To thy Harím Dividuality
No entrance finds,” &c.

(p. 48.)

THIS Súfí Identification with Deity (further il­lustrated in the Story of Salámán's first flight) is shadowed in a Parable of Jeláluddín, of which here is an outline. “One knocked at the Beloved's Door; and a Voice asked from within, ‘Who is there?’ and he answered, ‘It is I.’ Then the Voice said, ‘This House will not hold Me and Thee.’ And the Door was not opened. Then went the Lover into the Desert, and fasted and prayed in Solitude. And after a Year he returned, and knocked again at the Door. And again the Voice asked, ‘Who is there?’ and he said, ‘It is Thyself!’—and the Door was opened to him.”

O Darling of the soul of Iflatún;
To whom with all his school Aristo bows;”

(p. 56.)

Some Traveller in the East—Professor Eastwick, I think—tells us that in endeavouring to explain to an Eastern Cook the nature of an Irish Stew, the man said he knew well enough about “Aristo.” “Iflatún” might almost as well have been taken for “Vol-au-vent.

“Like Noah's, puff'd with Insolence and Pride,” &c.

(p. 57.)

In the Kurán God engages to save Noah and his Family,—meaning all who believed in the Warn­ing. One of Noah's Sons (Canaan or Ham, some think) would not believe. “And the Ark swam with them between waves like Mountains; and Noah called up to his Son, who was separated from him, saying, ‘Embark with us, my Son, and stay not with the Unbelievers.’ He answered, ‘I will get on a Mountain, which will secure me from the Water.’ Noah replied, ‘There is no security this Day from the Decree of God, except for him on whom he shall have Mercy.’ And a Wave passed between them, and he became one of those who were drowned. And it was said, ‘O Earth, swallow up thy waters; and Thou, O Heaven, withhold thy Rain!’ And immediately the Water abated, and the Decree was fulfilled, and the Ark rested on the Mountain Al Judi; and it was said, ‘Away with the ungodly People!’ And Noah called upon his Lord, and said, ‘O Lord, verily my Son is of my Family; and thy Promise is True: for Thou art the most just of those who exercise Judgment.’ God answered, ‘O Noah, verily he is not of thy Family: this intercession of thine for him is not a righteous work.’”—Sale's Kurán, vol. ii. p. 21.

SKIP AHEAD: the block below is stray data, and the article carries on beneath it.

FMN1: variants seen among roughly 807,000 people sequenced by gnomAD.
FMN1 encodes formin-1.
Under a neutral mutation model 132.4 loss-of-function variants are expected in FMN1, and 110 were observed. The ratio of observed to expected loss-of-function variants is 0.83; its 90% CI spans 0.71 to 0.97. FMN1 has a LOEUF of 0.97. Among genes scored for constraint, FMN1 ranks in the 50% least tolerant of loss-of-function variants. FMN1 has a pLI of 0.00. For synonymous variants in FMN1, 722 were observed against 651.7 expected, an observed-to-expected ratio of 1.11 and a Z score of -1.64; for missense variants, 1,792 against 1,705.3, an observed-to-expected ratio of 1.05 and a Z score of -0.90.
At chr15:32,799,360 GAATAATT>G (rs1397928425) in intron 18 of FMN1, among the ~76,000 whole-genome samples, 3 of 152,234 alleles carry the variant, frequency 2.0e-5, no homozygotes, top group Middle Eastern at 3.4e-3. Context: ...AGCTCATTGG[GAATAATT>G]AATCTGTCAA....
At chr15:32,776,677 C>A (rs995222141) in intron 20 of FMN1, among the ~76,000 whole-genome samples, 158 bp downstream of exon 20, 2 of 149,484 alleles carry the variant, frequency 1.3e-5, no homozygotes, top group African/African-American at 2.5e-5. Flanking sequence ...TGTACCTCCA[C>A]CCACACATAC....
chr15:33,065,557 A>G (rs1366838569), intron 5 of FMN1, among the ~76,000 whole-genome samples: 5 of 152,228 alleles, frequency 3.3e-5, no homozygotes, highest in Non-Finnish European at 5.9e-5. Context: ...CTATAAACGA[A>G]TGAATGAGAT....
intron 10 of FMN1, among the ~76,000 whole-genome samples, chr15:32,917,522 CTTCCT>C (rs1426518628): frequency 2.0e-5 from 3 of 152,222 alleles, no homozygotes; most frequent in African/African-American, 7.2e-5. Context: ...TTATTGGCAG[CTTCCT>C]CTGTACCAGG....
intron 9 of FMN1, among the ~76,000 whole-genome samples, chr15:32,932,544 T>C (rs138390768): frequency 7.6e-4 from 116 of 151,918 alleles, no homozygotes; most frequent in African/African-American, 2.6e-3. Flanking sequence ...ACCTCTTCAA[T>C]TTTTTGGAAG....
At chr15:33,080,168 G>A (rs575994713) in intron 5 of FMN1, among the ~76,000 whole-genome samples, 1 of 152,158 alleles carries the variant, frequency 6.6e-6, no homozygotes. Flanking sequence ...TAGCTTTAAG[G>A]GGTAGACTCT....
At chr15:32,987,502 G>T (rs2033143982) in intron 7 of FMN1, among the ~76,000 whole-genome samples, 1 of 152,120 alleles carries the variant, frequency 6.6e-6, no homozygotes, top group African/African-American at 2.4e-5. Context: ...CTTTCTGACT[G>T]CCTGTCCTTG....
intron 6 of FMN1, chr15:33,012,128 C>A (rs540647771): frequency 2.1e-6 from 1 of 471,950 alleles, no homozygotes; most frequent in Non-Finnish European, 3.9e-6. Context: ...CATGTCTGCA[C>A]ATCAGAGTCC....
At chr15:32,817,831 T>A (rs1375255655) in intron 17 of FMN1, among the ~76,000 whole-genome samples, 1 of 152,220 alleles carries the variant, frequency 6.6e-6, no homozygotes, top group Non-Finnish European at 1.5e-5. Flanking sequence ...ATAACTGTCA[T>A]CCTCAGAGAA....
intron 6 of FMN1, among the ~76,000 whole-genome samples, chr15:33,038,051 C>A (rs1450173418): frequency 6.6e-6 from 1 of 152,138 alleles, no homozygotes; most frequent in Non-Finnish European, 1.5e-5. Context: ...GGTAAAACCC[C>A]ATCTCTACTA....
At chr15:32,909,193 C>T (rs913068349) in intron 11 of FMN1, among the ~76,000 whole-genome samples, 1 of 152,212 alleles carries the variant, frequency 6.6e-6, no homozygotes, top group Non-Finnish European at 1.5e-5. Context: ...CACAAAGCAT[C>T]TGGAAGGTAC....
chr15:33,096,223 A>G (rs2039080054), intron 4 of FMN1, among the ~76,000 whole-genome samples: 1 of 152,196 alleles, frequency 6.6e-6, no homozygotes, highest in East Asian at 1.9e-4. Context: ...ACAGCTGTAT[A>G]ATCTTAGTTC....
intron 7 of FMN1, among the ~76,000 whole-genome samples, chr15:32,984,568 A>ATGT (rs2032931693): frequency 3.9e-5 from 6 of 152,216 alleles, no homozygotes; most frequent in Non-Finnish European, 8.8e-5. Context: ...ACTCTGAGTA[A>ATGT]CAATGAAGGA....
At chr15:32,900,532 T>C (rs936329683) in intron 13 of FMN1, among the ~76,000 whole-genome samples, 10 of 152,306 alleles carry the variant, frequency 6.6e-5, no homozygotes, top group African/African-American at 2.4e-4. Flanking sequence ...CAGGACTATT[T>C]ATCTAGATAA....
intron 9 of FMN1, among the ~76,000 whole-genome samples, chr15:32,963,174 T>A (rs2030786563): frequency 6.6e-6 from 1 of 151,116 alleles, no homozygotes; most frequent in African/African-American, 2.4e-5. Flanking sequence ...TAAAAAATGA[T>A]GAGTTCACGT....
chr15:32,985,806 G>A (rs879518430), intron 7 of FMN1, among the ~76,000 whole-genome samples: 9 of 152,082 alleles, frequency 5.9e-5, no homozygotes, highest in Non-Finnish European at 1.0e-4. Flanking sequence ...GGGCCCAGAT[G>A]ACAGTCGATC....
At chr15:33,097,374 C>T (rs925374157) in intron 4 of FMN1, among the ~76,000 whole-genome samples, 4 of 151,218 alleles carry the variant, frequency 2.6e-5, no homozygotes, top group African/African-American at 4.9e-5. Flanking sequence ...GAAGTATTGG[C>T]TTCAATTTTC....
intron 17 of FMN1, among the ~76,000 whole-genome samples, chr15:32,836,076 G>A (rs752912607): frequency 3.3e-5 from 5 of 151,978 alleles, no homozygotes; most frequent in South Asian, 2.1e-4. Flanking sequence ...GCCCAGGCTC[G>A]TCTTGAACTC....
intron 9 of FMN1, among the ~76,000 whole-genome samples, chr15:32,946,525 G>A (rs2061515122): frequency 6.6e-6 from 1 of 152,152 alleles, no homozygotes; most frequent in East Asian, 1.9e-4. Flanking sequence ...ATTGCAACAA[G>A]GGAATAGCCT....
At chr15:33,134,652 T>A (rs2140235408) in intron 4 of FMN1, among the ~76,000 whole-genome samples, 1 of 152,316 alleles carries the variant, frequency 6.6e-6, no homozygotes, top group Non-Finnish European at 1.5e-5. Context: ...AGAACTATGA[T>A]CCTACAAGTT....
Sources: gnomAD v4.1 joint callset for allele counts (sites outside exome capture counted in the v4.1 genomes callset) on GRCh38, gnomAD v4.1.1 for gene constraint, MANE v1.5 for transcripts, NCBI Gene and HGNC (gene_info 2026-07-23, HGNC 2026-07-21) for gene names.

Finer than any Bridal-puppet, which
To prove another's Love a Woman sends,” &c.

(p. 64.)

In Atkinson's version of the “Kitábi Kulsúm Naneh” [C. XII.] we find among other Ceremo­nials and Proprieties of which the Book treats, that when a Woman wished to ascertain another's Love, she sent a Doll on a Tray with flowers and sweetmeats, and judged how far her affection was reciprocated by the Doll's being returned to her drest in a Robe of Honour, or in Black. The same Book also tells of two Dolls—Bride and Bride­groom, I suppose—being used on such occasions; the test of Affection being whether the one sent were returned with or without its Fellow.

The Royal Game of Chúgán.

(p. 65.)

For centuries the Royal Game of Persia, and adopted (Ouseley thinks) under varying modifica­tions of name and practice by other nations, was played by Horsemen, who, suitably habited, and armed with semicircular-headed Bats or Sticks, strove to drive a Ball through a Goal of upright Pillars. (See Frontispiece.) We may call it “Horse-hockey,” as heretofore played by young English­men in the Maidán of Calcutta, and other Indian cities, I believe, and now in England itself under the name of Polo.